Debt to Income Ratio

The debt-to-income ratio is one of the most important factors mortgage lenders use to evaluate the creditworthiness of borrowers.

Calculating the Debt-to-Income Ratio

You can calculate your DTI Ratio by dividing your recurring monthly expenses by your gross (pre-tax) monthly income. If you have a CoBorrower, include their numbers as well.

Expenses include things like car payments, credit card payments, student loan payments, child support payments etc. It’s important to note that it does not consider the amount of money you spend for living expenses. In other words, things like car insurance, groceries, phone bills, entertainment expenses, utilities etc. are not included.

DTI = Monthly Expenses + Proposed Mortgage Payment
GROSS Monthly Income

The Ideal DTI Ratio for Mortgage

Even though your DTI ratio is a major factor for loan approval, it’s not the only factor.Mortgage companies want to lend money to homebuyers with low DTI Ratios. The higher your ratio, the more “risky” you become.

Depending on the type of loan you select, the maximum DTI Ratio changes. However, below is a good rule to follow:

1. DTI Ratio less than 43% is considered “great”. This shows your debt is at a manageable level and you have money left over once your bills are paid. If you can lower this, even better but most loan programs view this as an acceptable level of risk.

2. DTI Ratio in the 43 – 49% range is considered “good”. It’s not optimal and ideally should be lowered so that you’re better able to handle any unexpected expenses. If you are in this range, the mortgage company may ask you to meet additional eligibility requirements.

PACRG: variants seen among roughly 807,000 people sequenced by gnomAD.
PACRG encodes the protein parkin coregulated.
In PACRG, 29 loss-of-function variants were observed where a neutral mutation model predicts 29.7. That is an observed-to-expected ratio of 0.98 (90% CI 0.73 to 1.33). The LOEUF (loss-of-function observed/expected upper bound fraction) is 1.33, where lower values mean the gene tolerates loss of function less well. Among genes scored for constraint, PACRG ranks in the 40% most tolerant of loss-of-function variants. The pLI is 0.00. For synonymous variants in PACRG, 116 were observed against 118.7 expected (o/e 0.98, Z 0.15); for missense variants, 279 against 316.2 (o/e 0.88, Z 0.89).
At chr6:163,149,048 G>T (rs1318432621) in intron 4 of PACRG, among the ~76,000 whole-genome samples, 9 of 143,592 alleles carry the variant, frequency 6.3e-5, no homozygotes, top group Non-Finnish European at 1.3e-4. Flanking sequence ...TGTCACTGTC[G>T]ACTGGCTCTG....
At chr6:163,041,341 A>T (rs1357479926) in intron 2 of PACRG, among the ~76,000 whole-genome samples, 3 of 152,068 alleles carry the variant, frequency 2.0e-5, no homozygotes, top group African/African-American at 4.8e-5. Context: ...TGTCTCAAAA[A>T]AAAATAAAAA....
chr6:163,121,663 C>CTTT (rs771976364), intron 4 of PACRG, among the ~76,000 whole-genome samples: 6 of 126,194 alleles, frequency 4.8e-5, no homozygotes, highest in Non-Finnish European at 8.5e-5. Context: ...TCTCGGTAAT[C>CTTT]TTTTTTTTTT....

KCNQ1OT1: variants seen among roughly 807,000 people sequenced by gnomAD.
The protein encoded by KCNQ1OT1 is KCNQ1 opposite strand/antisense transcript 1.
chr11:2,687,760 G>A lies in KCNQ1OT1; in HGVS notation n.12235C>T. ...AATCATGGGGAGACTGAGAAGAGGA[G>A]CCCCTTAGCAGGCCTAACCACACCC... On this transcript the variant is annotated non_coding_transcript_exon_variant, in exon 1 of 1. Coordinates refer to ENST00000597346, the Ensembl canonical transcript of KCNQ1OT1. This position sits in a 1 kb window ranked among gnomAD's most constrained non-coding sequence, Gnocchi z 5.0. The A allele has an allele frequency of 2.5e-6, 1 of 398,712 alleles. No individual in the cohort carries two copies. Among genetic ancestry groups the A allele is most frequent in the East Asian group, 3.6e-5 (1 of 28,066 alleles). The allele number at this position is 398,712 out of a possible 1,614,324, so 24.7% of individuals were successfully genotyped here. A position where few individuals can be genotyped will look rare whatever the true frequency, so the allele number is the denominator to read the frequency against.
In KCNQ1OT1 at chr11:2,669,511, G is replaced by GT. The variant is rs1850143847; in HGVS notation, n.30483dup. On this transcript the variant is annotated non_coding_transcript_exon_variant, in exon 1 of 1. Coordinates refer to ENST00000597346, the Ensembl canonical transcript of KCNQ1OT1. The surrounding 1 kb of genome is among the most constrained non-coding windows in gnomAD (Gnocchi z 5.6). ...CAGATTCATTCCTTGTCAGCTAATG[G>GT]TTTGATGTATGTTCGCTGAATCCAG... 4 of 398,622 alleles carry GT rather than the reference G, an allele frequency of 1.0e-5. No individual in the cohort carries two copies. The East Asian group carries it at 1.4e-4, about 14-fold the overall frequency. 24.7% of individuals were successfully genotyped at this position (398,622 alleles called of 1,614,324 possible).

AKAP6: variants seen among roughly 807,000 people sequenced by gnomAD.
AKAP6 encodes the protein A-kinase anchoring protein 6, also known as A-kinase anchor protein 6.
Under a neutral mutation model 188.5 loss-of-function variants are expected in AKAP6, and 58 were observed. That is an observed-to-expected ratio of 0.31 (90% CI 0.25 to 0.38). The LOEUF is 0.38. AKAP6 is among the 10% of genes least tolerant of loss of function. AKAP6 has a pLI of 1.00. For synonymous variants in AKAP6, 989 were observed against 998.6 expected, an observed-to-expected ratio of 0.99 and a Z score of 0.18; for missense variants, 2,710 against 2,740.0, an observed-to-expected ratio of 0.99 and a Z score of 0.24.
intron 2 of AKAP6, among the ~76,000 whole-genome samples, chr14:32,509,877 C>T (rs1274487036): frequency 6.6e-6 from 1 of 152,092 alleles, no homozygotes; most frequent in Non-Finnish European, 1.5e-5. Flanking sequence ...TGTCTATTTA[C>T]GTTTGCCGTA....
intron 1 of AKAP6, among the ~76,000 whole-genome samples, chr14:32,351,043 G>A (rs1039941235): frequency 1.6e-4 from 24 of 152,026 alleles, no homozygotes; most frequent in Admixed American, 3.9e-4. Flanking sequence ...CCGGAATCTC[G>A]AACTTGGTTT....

3. DTI Ratio is 50% or higher, your borrowing options may be limited. Many are able to get approved in this range, but look for ways to lower your DTI.

How to lower your DTI Ratio

There are two ways to lower your DTI: reducing your expenses or increasing your income. Below are a few tips for decreasing your DTI Ratio.

  • Make extra payments to your credit cards to lower the balance
  • Reduce your day to day expenses to put more money towards other debts
  • Avoid making large purchases on credit that aren’t absolutely necessary
  • Avoid opening new lines of credit
  • Ask for a raise
  • Take on a part-time job (this is a longer term fix since there are guidelines on when you can count the part-time income for qualification purposes).
  • Don’t spend as much on your home – lower the mortgage payment.
  • Increase your credit score, which could lower your interest rates for the purchase –meaning less mortgage payment

Bottom line: Try and keep your DTI Ratio as low as possible. Speak to your Advisor as soon as possible as they can help create a plan to get your ratio at an acceptable range.

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